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These second line of these is throwing this error, but I'm not sure why.

std::vector<std::string> weapons(100);
weapons[3] = "Rusty dagger";


Here's my entire file:

//global variables
#ifndef _GLOBAL_
#define _GLOBAL_

#include <vector>
#include <iostream>
#include <string>

void NPCTalk(std::string const& speaker,std::vector<std::string> const& text);
void wait(double seconds);
void regionChange(int amount);
int getPositionInStringVector(std::vector<std::string> const& vec,std::string value);

std::vector<std::string> weapons(100);
weapons[3] = "Rusty dagger";

#define RegionChange 3

#endif //__GLOBAL__
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Are you sure it's one of those lines? It builds and runs just fine here (gcc -Wall). –  yan Mar 25 '11 at 19:41
You're probably missing a semicolon in one of the lines above. –  Eugen Constantin Dinca Mar 25 '11 at 19:41
From what I can gather the compiler is assuming I'm initialising an array? –  pighead10 Mar 25 '11 at 19:42
@Eugan - I'm not missing a semicolon. –  pighead10 Mar 25 '11 at 19:43

3 Answers 3

up vote 12 down vote accepted
weapons[3] = "Rusty dagger";

This is a statement. You can't write statements in global scope. You must put it inside a function.

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Oh, okay. Would a initialise() function be advisable? I'm new to C++ and still getting used to the conventions. –  pighead10 Mar 25 '11 at 19:44
This is not strictly true. You can do assignments at the top level as long as they are 'initializations'. The OPs assignment is not an initialization, just a straight ordinary assignment. –  Omnifarious Mar 25 '11 at 19:44
@Pig Head: better to avoid global variables. –  ybungalobill Mar 25 '11 at 19:45
@Pig Head: You can initialize the vector as part of a definition, though that should go in a .cpp file, and it will require that you first initialize an ordinary C array of const char * and then feed pointers to array elements to the vector constructor. Though, really, as @ybungalobill points out, avoiding global variables is the wisest course. –  Omnifarious Mar 25 '11 at 19:46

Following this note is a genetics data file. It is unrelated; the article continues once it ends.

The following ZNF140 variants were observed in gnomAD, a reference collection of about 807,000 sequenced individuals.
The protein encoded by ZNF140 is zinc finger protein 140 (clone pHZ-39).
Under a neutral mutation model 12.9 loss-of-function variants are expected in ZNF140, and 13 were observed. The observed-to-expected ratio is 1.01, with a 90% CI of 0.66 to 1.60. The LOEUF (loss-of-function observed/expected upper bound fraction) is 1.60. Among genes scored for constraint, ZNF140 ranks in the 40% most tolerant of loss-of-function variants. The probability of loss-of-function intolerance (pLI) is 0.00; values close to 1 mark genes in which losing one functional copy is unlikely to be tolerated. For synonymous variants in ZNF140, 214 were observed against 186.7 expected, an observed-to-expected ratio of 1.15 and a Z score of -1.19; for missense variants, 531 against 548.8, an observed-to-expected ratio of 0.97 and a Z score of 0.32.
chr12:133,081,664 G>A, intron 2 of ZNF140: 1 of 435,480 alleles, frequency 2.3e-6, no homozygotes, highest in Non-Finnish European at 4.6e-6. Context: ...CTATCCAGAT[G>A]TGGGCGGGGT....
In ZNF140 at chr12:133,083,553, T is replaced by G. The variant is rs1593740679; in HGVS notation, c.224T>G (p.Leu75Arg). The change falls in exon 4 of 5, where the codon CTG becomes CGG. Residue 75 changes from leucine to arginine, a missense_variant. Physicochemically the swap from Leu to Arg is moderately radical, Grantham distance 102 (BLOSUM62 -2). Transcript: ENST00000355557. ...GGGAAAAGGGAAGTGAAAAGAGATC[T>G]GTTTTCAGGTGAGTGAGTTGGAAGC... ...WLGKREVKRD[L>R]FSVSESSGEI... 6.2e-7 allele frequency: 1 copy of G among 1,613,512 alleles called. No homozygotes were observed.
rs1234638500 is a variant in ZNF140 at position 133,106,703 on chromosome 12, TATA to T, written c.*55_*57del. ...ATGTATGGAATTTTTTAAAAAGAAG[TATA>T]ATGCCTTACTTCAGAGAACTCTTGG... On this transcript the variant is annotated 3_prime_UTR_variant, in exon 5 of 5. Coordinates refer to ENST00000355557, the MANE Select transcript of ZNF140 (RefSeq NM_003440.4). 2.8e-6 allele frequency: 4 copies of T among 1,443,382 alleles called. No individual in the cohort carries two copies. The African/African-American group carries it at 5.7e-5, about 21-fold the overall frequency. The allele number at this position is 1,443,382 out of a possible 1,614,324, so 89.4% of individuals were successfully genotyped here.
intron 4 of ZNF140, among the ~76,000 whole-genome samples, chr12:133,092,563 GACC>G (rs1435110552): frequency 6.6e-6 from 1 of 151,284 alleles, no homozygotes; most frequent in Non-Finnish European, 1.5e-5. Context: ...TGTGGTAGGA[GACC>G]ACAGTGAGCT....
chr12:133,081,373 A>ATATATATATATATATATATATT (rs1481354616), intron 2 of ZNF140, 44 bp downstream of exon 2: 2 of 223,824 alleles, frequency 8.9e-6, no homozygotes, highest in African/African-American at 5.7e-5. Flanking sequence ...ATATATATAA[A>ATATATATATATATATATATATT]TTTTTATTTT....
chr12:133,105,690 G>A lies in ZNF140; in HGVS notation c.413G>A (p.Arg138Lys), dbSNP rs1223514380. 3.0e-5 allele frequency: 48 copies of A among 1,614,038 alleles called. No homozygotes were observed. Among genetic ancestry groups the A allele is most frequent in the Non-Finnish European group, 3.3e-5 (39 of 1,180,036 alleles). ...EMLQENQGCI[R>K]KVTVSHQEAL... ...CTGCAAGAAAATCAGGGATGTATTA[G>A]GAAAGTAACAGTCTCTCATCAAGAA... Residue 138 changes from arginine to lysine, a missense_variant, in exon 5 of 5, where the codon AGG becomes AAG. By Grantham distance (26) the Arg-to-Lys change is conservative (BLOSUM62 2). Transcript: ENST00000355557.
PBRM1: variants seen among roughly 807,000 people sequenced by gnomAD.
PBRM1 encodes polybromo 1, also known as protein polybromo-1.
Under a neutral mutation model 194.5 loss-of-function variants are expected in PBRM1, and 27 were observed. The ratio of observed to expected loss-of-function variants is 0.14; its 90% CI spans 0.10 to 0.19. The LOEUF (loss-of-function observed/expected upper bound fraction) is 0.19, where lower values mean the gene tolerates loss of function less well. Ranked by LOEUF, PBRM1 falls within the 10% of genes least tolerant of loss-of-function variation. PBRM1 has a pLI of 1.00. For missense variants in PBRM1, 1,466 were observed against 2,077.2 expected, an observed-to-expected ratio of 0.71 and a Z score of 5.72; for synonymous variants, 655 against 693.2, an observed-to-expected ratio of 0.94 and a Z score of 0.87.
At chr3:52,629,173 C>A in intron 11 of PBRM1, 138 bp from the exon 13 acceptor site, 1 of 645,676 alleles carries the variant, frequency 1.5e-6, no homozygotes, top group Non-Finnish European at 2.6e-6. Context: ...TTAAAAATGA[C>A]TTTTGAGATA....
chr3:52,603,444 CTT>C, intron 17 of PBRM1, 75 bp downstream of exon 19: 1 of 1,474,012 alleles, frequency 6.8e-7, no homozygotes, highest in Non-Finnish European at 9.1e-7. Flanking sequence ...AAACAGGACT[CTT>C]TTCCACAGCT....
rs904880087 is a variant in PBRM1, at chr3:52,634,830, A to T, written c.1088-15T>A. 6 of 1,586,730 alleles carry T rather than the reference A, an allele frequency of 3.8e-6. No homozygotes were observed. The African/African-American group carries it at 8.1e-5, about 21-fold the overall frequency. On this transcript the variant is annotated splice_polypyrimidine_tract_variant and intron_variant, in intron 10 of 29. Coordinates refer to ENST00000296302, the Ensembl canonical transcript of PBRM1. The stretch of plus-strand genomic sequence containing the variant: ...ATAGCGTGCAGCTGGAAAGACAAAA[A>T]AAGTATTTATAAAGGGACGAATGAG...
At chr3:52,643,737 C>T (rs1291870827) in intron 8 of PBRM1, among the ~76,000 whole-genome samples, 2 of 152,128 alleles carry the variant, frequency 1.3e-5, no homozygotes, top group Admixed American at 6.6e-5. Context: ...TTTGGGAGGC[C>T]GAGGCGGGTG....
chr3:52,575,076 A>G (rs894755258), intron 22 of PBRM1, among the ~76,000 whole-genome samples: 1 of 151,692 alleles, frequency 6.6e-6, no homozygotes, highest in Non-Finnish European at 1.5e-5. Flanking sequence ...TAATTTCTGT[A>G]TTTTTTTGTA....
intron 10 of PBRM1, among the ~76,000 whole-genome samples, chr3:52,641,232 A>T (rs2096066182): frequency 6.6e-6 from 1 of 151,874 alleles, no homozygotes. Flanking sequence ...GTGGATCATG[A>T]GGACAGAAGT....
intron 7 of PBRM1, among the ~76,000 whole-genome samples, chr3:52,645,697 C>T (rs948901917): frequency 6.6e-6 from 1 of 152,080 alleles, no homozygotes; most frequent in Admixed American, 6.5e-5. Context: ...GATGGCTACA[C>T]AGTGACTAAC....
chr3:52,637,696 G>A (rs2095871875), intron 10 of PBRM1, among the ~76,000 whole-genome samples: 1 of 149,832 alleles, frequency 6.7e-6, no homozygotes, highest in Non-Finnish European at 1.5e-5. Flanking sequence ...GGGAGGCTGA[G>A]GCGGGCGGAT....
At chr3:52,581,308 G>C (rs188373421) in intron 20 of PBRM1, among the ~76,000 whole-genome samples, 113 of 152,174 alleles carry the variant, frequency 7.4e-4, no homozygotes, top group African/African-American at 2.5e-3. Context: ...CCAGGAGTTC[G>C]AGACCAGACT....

@Pig: sorry, but the only place where it's impractical is in embedded systems. I doubt that it's your case. –  ybungalobill Mar 25 '11 at 19:50
weapons[3] = "Rusty dagger";

is a statement. It cannot appear outside of a function.

Instead, you could put it near the start of main(), or in some init_weapons() function which gets called early in your program.

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While calling an initialization function is one way to handle your problem, I thought an alternative might be in order. Here is something you can do in a .cpp file someplace:

static const char * const init_ary[] = {

::std::vector< ::std::string> names(init_ary, init_ary+3);

Then you would have this declaration in your .h file:

extern ::std::vector< ::std::string> names;

But really, avoiding global variables is the best idea. They are seriously bad news for a whole host of reasons, some not immediately obvious. For example, they make your code tons harder to test.

Its well worth the seeming hit to an 'elegant' design to just pass around the variable to each and every function in order to avoid having them. In fact, if you start coding that up, I bet you start seeing patterns that cause you to rethink parts of your design and you'll end up with something even nicer and more actually elegant than the false 'elegance' you get from the global variable based design.

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What what be the next practical way of having something that can be accessed by everything without global variables? A 'global' class? –  pighead10 Mar 25 '11 at 19:57
@Pig: think about what exact parts of your program need this array and pass it to them. Create something like WeaponManager that is responsible for weapons, and pass it as an argument to every component that needs to deal with weapons... –  ybungalobill Mar 25 '11 at 20:01
I've passed around a lot of variables to all my main functions, but why would that be better than a simple global variable? –  pighead10 Mar 25 '11 at 20:01
@Pig Head: Pass it as a parameter to everything that needs it. Seriously. As I said, if you start doing that, you'll likely start seeing patterns that suggest a better design to you that is still not global variable based. You can simplify this some by passing it as an argument to some constructors and have the constructed class save a reference to it so it's sort of 'global' to that instance of the class. –  Omnifarious Mar 25 '11 at 20:02
@Pig Head: Because, when time comes to test, you can pass whatever the heck you want to whatever it is that wants the data. This makes it much easier to test components in isolation from each other. This also makes it easier to write tests to make sure your program is not depending on some subtle feature like exactly how many items you have in your global array or that a 'Rusty dagger' is always found at position 3. –  Omnifarious Mar 25 '11 at 20:05

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